The Politics of Food

Election Day is over, and we can again be free of those awful, disparaging and disingenuous ads.  The results weren’t surprising in New York, as Cuomo was the frontrunner.  But elsewhere in the country there were some big races and issues to be decided.  Oregon voted to legalize pot (not a shock).  Providence showed promise of being less corrupt by choosing Jorge Elorza as mayor over the criminal and ex-mayor Buddy Cianci.  Pennsylvania also went Democrat and voted out the incumbent governor in favor of Tom Wolf, who’s never held an elected office.  Both candidates were supported by the Obama Administration, and Michelle Obama’s Let’s Move Campaign has been a huge force of trying to fight childhood obesity with seeking change in school physical education programs and as to school lunches.  (Don’t ever doubt my ability to find a way to connect this back to food!)

cropped-img_0787.jpgIn addition to voting for members of Congress, who have a huge impact on food legislation and spending, there were a number of food initiatives on state ballots. Here’s a brief roundup and some food for thought…

Soda Taxes

The People’s Republic of Berkeley, as it’s called, passed a tax on soda that Bloomberg couldn’t accomplish in NYC.  Knowing he couldn’t pass the tax, Bloomberg tried to push through size restrictions, which were dubbed a ban and had a number of loopholes.  This failed because he tried to make law through without going through the legislature.  At least, he got people talking about the issue.  In Berkeley, the tax only required a majority vote, so it had much more ability to get through than in it did in San Francisco, where it also was on the ballot this year.  Unfortunately, SF did not achieve the 2/3 majority needed to pass the tax.  Of note is that the Berkeley tax is on the distributors and not the consumer, so it’s unclear whether this will have an impact on actual soda consumption.  Time will tell.

Farm Bill

A big win for Republicans should signal less spending, especially with 80% of the Farm Bill going to programs like SNAP (fka food stamps).  Iowa, Arkansas, NC and Colorado all went anti-Democrat.  Most notably was Joni Ernst from Iowa, whose ad campaign depicted her on the farm (she grew up on a hog farm).  In Arkansas, Tom Cotton was elected to the Senate, despite his no vote on the Farm Bill as a House Representative.

In Kansas, Republican and potential chair of the Agriculture Committee, Sen. Pat Roberts, who voted against the 2014 Farm Bill, was re-elected.  He’s against farm subsidies (some might argue that farmers don’t need these) and lowering the budget for food stamps (some might argue that this shouldn’t be part of the Farm Bill), and and illegal immigrants (many of whom work on farms).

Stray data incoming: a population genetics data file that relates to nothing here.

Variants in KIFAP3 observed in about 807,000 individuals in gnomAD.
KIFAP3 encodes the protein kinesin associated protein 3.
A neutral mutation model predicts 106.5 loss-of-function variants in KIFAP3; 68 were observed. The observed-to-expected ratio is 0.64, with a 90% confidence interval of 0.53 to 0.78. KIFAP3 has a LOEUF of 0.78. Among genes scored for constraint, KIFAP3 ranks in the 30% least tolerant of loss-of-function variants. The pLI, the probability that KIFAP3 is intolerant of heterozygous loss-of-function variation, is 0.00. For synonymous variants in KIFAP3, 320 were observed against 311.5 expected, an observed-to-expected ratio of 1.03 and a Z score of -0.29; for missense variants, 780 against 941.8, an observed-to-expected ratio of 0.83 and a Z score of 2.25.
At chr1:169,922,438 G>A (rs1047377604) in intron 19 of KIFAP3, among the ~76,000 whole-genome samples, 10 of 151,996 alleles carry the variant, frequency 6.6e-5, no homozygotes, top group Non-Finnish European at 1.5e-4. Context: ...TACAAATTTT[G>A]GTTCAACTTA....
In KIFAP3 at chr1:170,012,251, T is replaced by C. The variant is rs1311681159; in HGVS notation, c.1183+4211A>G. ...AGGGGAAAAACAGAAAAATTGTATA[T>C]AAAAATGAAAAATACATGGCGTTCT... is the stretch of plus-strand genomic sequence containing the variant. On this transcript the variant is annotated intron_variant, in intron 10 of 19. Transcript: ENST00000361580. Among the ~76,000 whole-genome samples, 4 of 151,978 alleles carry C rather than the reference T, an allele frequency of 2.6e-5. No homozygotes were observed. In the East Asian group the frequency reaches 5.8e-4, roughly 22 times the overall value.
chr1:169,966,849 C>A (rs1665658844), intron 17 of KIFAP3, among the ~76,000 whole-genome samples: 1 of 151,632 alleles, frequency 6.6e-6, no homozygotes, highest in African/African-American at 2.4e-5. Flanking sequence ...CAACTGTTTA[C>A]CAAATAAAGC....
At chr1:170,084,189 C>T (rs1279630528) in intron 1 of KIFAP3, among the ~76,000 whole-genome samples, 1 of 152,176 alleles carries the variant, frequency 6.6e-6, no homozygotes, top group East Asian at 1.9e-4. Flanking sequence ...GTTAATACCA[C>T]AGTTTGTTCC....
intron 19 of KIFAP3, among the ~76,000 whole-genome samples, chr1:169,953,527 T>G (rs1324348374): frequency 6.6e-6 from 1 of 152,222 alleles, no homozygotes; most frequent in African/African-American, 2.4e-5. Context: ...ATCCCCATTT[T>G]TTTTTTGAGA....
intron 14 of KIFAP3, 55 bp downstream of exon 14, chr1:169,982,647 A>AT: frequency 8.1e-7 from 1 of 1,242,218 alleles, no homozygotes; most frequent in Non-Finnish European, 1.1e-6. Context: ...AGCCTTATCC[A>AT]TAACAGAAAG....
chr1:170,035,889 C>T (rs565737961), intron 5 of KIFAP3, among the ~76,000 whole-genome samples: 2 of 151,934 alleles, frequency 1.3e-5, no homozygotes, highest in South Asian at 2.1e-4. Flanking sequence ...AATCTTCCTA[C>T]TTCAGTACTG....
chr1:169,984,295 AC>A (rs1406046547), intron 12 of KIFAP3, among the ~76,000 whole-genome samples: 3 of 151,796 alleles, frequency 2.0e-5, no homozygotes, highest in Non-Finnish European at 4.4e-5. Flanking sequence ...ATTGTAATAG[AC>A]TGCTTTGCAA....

Lots to consider as to what the next Farm Bill will look like.

GMO Labeling

Some people feel very strongly about not consuming genetically modified organisms, such as corn, and want labels to show if such GMOs are used in the product.  Trader Joe’s and Whole Foods are big proponents of this, and the GMO makers, such as Monsanto and Dow, are against it.  You might be surprised to find that I don’t care much about the labeling of such products, but I care about the practices of companies making the GMOs and the consequences of the GMOs themselves – both on how the ingredients are modified and on the farmers, like those in Hawaii that are dependent on genetically modified crops for their livelihood.  I think it’s important to have educated consumers, which includes knowledge of all impacts of consumption.  I’m not so sure that labels will tell the whole story, and there is not a lot of research to show that GMOs are harmful as a food product.  Others obviously disagree, which is why this was a hot topic on the ballot this election year and in prior years.

California and Washington previously voted down similar initiatives in prior elections. Vermont, however, passed a law requiring GMO labeling, but of course it’s caught up in the courts.

In Colorado, where lobbyists spent millions of dollar fighting against the labeling, the initiative (Prop. 105) did not pass.

Oregon had a similar labeling proposal on the table, but the results are still too close to call.

In Hawaii, it appears that a temporary ban on GMOs in Maui County passed by a very slim margin of just over 1,000 votes.  $8 million was spent by big business, and it wasn’t enough to defeat the ban, which halts the use of GMOs until the government can look into the effects.

What I find striking is that in states that are progressive enough to vote to legalize pot, there would not be a desire to have labels, which causes no harm except potentially to big business.  But in Hawaii, where farmers are dependent on these GMO crops, they vote for a ban to actually figure out if there is any cause for concern.  Hawaii seems to be getting it right.  I look forward to seeing the results, but then again, I’m sure it will be tied up in the courts for awhile…

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